ATHENS, Ga. - Athens-Clarke County Commissioners Carl Jordan and John Barrow are planning to revive an 8-year-old initiative that would ban indoor smoking in public places - which could include most restaurants and bars.
The issue was first brought up in 1994 when the commissioners voted 6-4 to adopt the county's current indoor smoking ordinance, which requires restaurants to set aside a nonsmoking area. The ordinance exempts certain public places such as bars, rented banquet or meeting rooms, and employer-designated smoking areas.
Mr. Barrow, who headed the committee that reviewed the ordinance in 1994, said the current ordinance is a "watered-down" version of the ordinance he would like to see pass.
He said he believes the ordinance needed to be stricter because many nonsmokers are "driven out" of public indoor places because of the cigarette smoke.
Mr. Jordan said he plans to bring the topic up at the commission's meeting Tuesday, but only informally at the end of the meeting when the commissioners are allowed to talk on any topic not on the agenda.
He was quick to add that he could not say how the commission will choose to address the issue in coming months after it is raised at the April meeting.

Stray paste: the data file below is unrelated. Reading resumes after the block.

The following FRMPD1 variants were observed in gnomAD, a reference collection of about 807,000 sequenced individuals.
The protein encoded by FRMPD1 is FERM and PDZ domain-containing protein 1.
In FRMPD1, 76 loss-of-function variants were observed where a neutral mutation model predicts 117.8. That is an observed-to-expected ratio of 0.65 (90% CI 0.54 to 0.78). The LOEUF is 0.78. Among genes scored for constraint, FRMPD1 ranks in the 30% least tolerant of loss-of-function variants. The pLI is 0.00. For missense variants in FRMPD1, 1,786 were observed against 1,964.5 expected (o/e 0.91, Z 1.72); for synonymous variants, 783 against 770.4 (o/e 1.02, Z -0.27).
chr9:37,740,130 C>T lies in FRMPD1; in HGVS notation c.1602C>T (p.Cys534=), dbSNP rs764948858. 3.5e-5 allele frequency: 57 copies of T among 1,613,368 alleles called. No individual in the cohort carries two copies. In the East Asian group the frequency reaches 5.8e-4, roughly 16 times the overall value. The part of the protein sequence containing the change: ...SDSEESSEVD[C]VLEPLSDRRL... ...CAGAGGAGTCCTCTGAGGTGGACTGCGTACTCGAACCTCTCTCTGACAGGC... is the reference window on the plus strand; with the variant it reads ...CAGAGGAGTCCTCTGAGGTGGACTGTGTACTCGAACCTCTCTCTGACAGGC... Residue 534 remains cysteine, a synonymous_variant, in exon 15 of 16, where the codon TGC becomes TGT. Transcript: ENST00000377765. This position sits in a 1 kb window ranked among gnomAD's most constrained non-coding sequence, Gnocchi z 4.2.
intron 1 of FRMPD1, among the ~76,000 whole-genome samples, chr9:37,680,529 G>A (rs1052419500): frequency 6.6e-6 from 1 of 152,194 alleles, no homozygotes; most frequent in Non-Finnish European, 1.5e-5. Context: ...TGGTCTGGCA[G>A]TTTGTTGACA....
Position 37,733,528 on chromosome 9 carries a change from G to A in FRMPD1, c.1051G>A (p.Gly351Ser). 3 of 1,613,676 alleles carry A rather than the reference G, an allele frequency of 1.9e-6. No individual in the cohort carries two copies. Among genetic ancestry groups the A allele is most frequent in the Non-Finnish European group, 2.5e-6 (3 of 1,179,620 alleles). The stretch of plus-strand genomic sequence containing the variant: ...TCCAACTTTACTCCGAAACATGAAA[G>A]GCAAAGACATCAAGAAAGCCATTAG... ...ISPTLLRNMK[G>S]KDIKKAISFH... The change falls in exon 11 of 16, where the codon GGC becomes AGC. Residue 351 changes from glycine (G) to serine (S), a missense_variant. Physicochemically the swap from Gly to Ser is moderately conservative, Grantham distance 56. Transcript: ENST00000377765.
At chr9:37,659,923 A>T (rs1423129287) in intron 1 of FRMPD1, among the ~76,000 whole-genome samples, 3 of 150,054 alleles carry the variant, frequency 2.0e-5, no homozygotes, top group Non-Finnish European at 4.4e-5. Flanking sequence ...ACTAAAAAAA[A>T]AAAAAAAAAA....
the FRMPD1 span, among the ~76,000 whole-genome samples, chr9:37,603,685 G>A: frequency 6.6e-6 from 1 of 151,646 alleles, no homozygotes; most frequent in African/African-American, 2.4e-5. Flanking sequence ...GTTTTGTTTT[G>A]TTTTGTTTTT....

"We don't know what's coming because we haven't worked on it yet," Mr. Jordan said.
He hopes to see an ordinance that puts stricter clean-air requirements on restaurants, bars and music venues, he said, adding that he doesn't believe it will have a negative effect on business if everyone is required to do it.
"Nobody is going to be out of business," Mr. Jordan contended. "I don't see it as a particular burden, and the net impact to the community will be positive. A lot of other communities are already doing this, and we're way behind."
The Richmond County Board of Health is considering a ban on smoking in indoor public places, such as restaurants and bars, but it would have to be approved by the Augusta Commission.
Gena Milton, the manager of Athens Broad Street Bar and Grill, said a total ban on indoor smoking would "kill" their business. Ms. Milton guesses that about half of her customers are smokers.
"A lot of people who come here smoke, especially at night," she said.
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